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I have a simple table with CustomerID & ProductCode. Using the following Linq query I get a list of all IDs that bought 10EDUC or 12CONV and didn't buy 10CONV and 11CONV. What I need to do is get it to return the IDs for those that bought 10EDUC and 12CONV and didn't buy 10CONV and 11CONV.

Any thoughts? TIA

var IncludePredicate = PredicateBuilder.True<Products>(); 
var ExcludePredicate = PredicateBuilder.True<Products>(); 
List<string> IncludeProducts = new List<string>();
List<string> ExcludeProducts = new List<string>();

IncludePredicate = IncludePredicate.And(m=>IncludeProducts.Contains(m.Service));
ExcludePredicate = ExcludePredicate.And(m => ExcludeProducts.Contains(m.Service));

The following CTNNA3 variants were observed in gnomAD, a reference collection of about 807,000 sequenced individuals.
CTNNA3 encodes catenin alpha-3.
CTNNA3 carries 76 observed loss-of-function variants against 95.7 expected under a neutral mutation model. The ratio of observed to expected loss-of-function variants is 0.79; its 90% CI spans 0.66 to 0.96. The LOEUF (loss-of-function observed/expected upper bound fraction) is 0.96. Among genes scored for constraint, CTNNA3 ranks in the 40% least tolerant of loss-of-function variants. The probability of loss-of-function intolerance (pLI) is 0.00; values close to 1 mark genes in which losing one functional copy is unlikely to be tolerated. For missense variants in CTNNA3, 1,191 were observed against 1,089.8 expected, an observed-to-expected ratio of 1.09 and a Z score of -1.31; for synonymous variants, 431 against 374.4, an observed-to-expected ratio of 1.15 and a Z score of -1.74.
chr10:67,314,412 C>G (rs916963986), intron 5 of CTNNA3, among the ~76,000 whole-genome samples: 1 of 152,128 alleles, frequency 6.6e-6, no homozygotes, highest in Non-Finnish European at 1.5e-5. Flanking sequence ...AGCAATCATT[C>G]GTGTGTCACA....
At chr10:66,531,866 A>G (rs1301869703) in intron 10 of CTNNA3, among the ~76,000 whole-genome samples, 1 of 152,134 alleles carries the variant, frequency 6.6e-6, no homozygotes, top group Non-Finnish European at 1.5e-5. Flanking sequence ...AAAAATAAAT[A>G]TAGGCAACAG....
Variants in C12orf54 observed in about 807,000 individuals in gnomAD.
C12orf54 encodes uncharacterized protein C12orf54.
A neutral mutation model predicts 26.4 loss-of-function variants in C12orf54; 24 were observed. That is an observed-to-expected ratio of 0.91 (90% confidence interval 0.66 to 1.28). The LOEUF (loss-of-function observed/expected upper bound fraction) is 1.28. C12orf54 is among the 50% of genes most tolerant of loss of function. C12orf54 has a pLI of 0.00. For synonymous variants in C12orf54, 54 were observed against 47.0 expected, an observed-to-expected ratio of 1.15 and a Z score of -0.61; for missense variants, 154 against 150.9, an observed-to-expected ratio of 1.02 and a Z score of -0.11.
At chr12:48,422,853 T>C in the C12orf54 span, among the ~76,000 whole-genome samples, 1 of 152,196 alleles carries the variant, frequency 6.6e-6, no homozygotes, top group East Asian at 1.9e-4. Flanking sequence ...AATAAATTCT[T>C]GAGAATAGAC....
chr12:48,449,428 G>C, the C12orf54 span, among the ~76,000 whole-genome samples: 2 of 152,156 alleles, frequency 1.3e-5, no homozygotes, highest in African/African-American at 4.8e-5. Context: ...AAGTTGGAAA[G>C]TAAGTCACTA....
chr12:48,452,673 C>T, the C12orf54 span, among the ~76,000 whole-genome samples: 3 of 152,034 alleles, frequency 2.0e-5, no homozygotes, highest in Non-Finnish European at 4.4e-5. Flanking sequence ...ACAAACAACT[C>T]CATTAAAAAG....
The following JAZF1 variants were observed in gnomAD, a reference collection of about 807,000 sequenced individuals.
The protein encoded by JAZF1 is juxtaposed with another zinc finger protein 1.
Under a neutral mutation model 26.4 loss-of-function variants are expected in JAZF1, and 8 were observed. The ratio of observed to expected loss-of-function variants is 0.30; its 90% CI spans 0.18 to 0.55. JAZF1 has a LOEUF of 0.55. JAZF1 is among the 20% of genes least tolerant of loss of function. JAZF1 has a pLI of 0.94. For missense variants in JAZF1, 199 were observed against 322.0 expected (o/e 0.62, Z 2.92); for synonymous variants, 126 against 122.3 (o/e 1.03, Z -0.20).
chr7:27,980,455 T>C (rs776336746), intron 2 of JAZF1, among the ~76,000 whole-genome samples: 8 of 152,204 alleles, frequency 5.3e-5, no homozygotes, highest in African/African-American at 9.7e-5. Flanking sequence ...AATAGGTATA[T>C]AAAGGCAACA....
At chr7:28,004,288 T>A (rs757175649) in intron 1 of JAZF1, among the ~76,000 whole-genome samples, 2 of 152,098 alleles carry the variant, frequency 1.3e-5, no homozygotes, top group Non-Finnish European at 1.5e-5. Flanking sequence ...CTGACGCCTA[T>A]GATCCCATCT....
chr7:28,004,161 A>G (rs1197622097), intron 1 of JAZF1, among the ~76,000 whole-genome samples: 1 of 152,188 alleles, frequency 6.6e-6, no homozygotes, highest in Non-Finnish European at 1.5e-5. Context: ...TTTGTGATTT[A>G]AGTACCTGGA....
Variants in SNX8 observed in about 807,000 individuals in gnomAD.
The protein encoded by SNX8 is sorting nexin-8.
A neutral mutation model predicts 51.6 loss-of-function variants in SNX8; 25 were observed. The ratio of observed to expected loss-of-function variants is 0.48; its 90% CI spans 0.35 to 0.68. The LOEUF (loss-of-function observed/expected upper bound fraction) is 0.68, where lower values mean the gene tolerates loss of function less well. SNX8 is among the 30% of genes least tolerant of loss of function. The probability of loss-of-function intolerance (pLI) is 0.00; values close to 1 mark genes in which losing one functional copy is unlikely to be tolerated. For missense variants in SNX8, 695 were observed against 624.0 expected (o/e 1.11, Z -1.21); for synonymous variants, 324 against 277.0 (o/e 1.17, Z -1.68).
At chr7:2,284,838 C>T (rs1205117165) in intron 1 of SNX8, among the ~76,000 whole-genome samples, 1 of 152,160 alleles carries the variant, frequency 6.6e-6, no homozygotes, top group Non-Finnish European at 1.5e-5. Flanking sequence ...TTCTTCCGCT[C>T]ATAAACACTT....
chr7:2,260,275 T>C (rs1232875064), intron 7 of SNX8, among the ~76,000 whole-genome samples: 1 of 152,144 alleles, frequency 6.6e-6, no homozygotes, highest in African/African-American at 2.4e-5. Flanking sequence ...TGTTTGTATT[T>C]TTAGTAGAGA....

var IncludeResults = (from d in Products
                              select d.CustomerID
                              .Except(from ex in Services
                                          select ex.CustomerID);
share|improve this question
The imprecision of the 'and' and 'or' in the English language gets in the way here: by "and didn't buy 10CONV and 11CONV", do you mean "did not buy either 10CONV or 11CONV", or "may have bought 10CONV or 11CONV, but not 10CONV and 11CONV together"? –  dasblinkenlight Dec 20 '12 at 18:30
I think we can disregard the Exclude products to simplify things. I need to return only IDs for people who bought both 10EDUC and 12CONV. –  John S Dec 20 '12 at 18:47
Possible duplicate of LINQ: Check whether an Array is a subset of another –  Risky Martin Dec 20 '12 at 18:59
Risky, that works with two lists/arrays but not with multiple records coming back from a DB. At least I can't seem to get it to work. –  John S Dec 20 '12 at 19:20

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